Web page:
11. Do you guys have any favorite Altiverb tweaks you do in the dialog mix? I've been working on this feature and use it quite a big to help get the dialog cuts to blend better as well as giving it a better, more cinematic feel within the room. But I always wonder if there's something I could be doing to help make it even better so I thought I'd ask people smarter than me! Thanks for any advice you can share! John
  12. Hi all, I have landed a job mixing for a tv show and am a bit worried as they tell me there will be no or very little postproduction going into each episode (churning out 5 episodes a week so the editor will have a few days for turnaround) In my relatively limited experience there is always a fair bit of work that needs to be done on production audio, aside from eqing out hum etc. My question is to the seasoned mixers of jwsoundgroup is, in general on bigger Tv productions, how does sound post workflow go? My main concern is noise reduction, which i know is often treated with outboard/ hardware processors like cedar DNS 8 for live boradcast, but how do they deal with it on TV series =/ soaps etc? Production also want me to use radio mics most of the time and i was wondering if the seasoned pros ever have to deal with cloth russle and acoustic noise at all or can it be 100% mitigated? I will be mixing direct to cam for the most part, is there any tips or advice you guys could spare? Really appriciate any help on this.. j
  13. Was wondering if you guys do exercise or do you eat different when you going on a job. Set crafty isn't the most healthy of foods but was wondering if anyone does aerobic or cardio stuff too, espcially for booming because it's so psychically demanding. I wear a back brace when I'm one man banding as well. Personally I try to run when I can, and doing some ab exercises. I also don't drink soda, coffee, or energy drinks on set. (sometimes I break this for those over nights, ugh) What does everyone else do?
  14. Even when the wires sound well, when the actor looks down and they get much closer to the lav mic, I have yet to find a mixing technique that sounds transparent. I typically bring the level of the lav down but have been reluctant to bring up the level of 'air' from the boom to accomplish what my ears want to hear. I think this would do it, but...something stops me from pushing it far enough. Maybe just typing this will help get me there. Any thoughts?
  15. I'm trying to figure out how to record 4 separate audio channels to the Sony XDCam PDW 700. Has anyone done this before? Thanks - Jed
  16. Hey Guys, Just wondering, for those who are doing a stereo mix of booms/wireless and recording those two tracks, how often are those the tracks that post goes to? Do they use the stereo mix for the most part unless they need something specific? Or is the stereo mix just a guide for post production (And for IFBs) these days? Thanks!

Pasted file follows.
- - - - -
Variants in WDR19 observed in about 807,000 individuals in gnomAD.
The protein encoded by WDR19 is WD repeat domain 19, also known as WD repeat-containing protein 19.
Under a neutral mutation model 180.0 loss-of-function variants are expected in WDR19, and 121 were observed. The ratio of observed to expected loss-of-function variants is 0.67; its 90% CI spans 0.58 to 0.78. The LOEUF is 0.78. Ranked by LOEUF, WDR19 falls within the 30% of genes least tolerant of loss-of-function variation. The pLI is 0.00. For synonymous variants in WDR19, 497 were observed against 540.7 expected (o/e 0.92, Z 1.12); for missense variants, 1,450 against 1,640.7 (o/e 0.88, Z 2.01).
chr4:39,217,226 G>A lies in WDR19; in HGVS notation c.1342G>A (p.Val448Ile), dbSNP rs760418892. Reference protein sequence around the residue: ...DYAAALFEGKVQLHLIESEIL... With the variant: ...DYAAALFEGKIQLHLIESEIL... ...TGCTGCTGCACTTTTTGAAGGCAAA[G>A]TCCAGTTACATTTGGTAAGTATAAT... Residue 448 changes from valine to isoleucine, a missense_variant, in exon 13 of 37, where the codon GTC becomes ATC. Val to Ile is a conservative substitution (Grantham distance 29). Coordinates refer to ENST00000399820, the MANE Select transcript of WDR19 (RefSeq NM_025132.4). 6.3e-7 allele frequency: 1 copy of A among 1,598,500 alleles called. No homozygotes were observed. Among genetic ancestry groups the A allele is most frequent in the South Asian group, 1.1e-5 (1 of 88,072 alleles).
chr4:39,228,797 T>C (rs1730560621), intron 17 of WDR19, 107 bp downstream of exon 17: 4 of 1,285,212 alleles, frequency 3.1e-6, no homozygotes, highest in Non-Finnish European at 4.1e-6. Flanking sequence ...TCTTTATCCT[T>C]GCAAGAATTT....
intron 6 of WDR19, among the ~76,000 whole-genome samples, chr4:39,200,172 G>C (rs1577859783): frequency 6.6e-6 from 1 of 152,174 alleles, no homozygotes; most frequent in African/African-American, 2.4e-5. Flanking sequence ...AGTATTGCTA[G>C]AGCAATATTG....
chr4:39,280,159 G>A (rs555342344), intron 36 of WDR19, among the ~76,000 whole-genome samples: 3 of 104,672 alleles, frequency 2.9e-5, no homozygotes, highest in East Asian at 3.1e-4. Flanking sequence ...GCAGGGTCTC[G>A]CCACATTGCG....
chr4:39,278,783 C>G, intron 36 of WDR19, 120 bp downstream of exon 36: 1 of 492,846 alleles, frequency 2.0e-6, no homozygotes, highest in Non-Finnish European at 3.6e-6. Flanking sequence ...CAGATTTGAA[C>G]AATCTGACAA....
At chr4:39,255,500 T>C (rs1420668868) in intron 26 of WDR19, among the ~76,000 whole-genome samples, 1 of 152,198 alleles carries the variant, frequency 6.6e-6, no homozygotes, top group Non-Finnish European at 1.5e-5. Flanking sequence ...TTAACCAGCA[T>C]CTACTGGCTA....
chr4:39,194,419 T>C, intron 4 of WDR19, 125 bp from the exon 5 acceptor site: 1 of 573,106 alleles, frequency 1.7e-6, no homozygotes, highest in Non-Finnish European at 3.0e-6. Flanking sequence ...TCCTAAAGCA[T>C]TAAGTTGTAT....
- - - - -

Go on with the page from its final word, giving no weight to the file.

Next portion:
17. Hey guys, I switched from using a SD302 w/ a Zoom H4N to a Zaxcom Nomad. It's been quite a jump, and I love all the things it can do. On a philosophical level, I think I'm still a bit confused about multi-track recording. Hopefully you guys can help and offer some insight. When using the 302, when I turned the knob, it controlled how much or little volume the recorder would record. I would monitor from my source, since that's what I was ultimately recording. If I needed more bump, I could turn a gain knob and open it up. I assume that is post-fader recording/monitoring. By default set up, the Nomad uses post fade, i think. This makes it so that when I'm mixing, moving the fader knobs doesn't actually really effect anything, so i'm generally just mixing using my gain knob. I have it set up to record isolated tracks for the first 5 channels, but channel 6 is a mono mix of what ever combination i'm using. I guess I'm just confused with how monitoring on my Nomad is different from recording to my Zoom. I really hope i'm making sense, and I know it seems simple, but I'm having some problems grasping the whole pre-post fade thing. Thank you, -w
  18. Hey guys, Been having an awesome experience with my Nomad so far...but the time has come for me to do a 3-camera ENG shoot. I will be mixing into 3 Cameras (each with 2 XLR inputs) Follow my logic for setting this up and please tell me if you would do anything different or have any insight/experience/advice. I have 4 direct outputs. That's 2 breakaway cables, one to Camera A, and one to Camera B. I can monitor the return on 1/2, and 3/4 with the 5-pin adapter cables I have. For camera 3, I would get the cable that goes 5-pin to XLR "Y" cable. Then use a typical breakaway cable to go to Camera C. I don't see anything on the nomad that would allow me to monitor the return on 5/6. Would it make more sense to use the tape-out for the 3rd camera so that I could monitor it that way? Is there anything special I need to do in the Nomad's settings for like output settings? I will be running a Boom and 2 lavs, possibly a 3rd if needed. I would want each camera to have the Boom track isolated, so I would set: Input 1 (L), And then Input 2, 3, 4 ®...which would make each camera receive the boom on track 1, and lavs mixed onto track 2. Does that make sense?